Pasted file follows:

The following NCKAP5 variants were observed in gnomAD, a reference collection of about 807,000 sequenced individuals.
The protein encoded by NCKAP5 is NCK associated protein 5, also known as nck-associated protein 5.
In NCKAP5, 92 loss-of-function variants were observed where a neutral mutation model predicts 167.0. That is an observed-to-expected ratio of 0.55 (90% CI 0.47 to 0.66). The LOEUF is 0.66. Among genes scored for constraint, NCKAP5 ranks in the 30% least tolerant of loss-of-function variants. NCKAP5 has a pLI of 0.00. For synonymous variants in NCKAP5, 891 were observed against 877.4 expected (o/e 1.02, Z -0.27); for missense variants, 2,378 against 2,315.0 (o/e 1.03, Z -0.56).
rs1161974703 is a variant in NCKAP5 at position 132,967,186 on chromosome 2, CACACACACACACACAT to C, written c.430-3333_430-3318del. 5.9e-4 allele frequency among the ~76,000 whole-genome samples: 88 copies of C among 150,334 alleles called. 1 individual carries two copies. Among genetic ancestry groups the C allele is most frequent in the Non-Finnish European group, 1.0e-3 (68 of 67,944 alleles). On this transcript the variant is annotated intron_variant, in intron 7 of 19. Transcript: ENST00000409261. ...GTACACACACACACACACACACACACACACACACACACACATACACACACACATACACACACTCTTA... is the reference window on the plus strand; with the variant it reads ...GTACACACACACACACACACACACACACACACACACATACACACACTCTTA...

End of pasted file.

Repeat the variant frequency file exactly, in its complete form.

The following NCKAP5 variants were observed in gnomAD, a reference collection of about 807,000 sequenced individuals.
The protein encoded by NCKAP5 is NCK associated protein 5, also known as nck-associated protein 5.
In NCKAP5, 92 loss-of-function variants were observed where a neutral mutation model predicts 167.0. That is an observed-to-expected ratio of 0.55 (90% CI 0.47 to 0.66). The LOEUF is 0.66. Among genes scored for constraint, NCKAP5 ranks in the 30% least tolerant of loss-of-function variants. NCKAP5 has a pLI of 0.00. For synonymous variants in NCKAP5, 891 were observed against 877.4 expected (o/e 1.02, Z -0.27); for missense variants, 2,378 against 2,315.0 (o/e 1.03, Z -0.56).
rs1161974703 is a variant in NCKAP5 at position 132,967,186 on chromosome 2, CACACACACACACACAT to C, written c.430-3333_430-3318del. 5.9e-4 allele frequency among the ~76,000 whole-genome samples: 88 copies of C among 150,334 alleles called. 1 individual carries two copies. Among genetic ancestry groups the C allele is most frequent in the Non-Finnish European group, 1.0e-3 (68 of 67,944 alleles). On this transcript the variant is annotated intron_variant, in intron 7 of 19. Transcript: ENST00000409261. ...GTACACACACACACACACACACACACACACACACACACACATACACACACACATACACACACTCTTA... is the reference window on the plus strand; with the variant it reads ...GTACACACACACACACACACACACACACACACACACATACACACACTCTTA...